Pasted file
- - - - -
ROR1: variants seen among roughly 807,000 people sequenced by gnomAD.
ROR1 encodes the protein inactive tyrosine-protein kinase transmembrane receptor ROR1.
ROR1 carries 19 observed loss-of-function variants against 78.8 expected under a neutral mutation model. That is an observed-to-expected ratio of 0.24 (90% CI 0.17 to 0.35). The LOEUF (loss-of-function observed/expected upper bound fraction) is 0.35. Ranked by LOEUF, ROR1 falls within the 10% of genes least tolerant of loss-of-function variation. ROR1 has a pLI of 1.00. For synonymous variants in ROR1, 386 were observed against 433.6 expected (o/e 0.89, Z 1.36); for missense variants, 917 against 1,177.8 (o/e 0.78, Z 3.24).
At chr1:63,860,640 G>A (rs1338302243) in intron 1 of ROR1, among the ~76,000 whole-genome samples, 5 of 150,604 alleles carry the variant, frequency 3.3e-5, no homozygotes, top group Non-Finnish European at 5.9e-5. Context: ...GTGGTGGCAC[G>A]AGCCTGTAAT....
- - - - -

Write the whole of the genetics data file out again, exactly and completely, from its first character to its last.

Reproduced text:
ROR1: variants seen among roughly 807,000 people sequenced by gnomAD.
ROR1 encodes the protein inactive tyrosine-protein kinase transmembrane receptor ROR1.
ROR1 carries 19 observed loss-of-function variants against 78.8 expected under a neutral mutation model. That is an observed-to-expected ratio of 0.24 (90% CI 0.17 to 0.35). The LOEUF (loss-of-function observed/expected upper bound fraction) is 0.35. Ranked by LOEUF, ROR1 falls within the 10% of genes least tolerant of loss-of-function variation. ROR1 has a pLI of 1.00. For synonymous variants in ROR1, 386 were observed against 433.6 expected (o/e 0.89, Z 1.36); for missense variants, 917 against 1,177.8 (o/e 0.78, Z 3.24).
At chr1:63,860,640 G>A (rs1338302243) in intron 1 of ROR1, among the ~76,000 whole-genome samples, 5 of 150,604 alleles carry the variant, frequency 3.3e-5, no homozygotes, top group Non-Finnish European at 5.9e-5. Context: ...GTGGTGGCAC[G>A]AGCCTGTAAT....